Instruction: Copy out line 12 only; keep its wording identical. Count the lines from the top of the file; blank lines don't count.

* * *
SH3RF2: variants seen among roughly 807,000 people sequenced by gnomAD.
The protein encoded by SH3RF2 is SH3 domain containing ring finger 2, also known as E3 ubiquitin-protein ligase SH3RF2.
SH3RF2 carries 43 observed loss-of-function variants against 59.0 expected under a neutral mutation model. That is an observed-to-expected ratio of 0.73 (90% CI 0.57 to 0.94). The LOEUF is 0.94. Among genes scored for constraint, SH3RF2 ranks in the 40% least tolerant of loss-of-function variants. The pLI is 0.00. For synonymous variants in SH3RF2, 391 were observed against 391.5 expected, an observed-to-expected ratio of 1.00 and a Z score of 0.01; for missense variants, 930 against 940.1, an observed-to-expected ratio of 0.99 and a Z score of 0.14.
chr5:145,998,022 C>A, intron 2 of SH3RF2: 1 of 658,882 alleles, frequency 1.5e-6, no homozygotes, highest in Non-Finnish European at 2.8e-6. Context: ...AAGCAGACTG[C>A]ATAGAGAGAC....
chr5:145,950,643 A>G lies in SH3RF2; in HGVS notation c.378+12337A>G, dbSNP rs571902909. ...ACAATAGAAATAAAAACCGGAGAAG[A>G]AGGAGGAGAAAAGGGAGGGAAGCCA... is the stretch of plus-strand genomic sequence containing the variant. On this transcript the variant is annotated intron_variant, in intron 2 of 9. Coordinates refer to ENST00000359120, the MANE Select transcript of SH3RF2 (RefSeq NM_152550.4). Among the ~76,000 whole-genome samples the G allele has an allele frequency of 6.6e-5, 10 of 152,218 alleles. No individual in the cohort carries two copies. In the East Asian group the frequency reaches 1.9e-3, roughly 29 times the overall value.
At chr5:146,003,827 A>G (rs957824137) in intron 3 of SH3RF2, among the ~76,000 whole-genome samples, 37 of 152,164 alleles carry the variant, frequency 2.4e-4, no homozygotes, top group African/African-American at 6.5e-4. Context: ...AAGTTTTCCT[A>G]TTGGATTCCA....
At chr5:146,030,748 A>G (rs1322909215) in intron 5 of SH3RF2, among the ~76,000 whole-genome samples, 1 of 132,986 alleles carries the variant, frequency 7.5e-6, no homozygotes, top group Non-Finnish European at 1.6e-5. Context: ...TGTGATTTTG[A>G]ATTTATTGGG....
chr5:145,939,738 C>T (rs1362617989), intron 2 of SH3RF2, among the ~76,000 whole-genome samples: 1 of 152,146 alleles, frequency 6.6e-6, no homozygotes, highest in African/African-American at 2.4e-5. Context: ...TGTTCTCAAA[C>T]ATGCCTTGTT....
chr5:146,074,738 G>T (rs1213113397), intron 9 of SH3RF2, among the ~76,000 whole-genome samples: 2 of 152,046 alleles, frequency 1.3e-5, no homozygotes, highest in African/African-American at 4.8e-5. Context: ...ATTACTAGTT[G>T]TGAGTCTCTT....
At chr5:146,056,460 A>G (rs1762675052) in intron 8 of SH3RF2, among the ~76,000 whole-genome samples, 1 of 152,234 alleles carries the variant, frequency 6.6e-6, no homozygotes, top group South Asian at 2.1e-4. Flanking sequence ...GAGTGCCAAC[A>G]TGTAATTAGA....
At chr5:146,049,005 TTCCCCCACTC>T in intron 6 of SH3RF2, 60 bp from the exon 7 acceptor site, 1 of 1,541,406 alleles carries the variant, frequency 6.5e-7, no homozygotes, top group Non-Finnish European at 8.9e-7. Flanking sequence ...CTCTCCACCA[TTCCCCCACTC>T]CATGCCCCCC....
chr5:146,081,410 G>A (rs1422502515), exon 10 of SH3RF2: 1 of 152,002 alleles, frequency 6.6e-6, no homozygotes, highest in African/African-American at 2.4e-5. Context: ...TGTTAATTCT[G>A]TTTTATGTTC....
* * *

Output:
chr5:146,081,410 G>A (rs1422502515), exon 10 of SH3RF2: 1 of 152,002 alleles, frequency 6.6e-6, no homozygotes, highest in African/African-American at 2.4e-5. Context: ...TGTTAATTCT[G>A]TTTTATGTTC....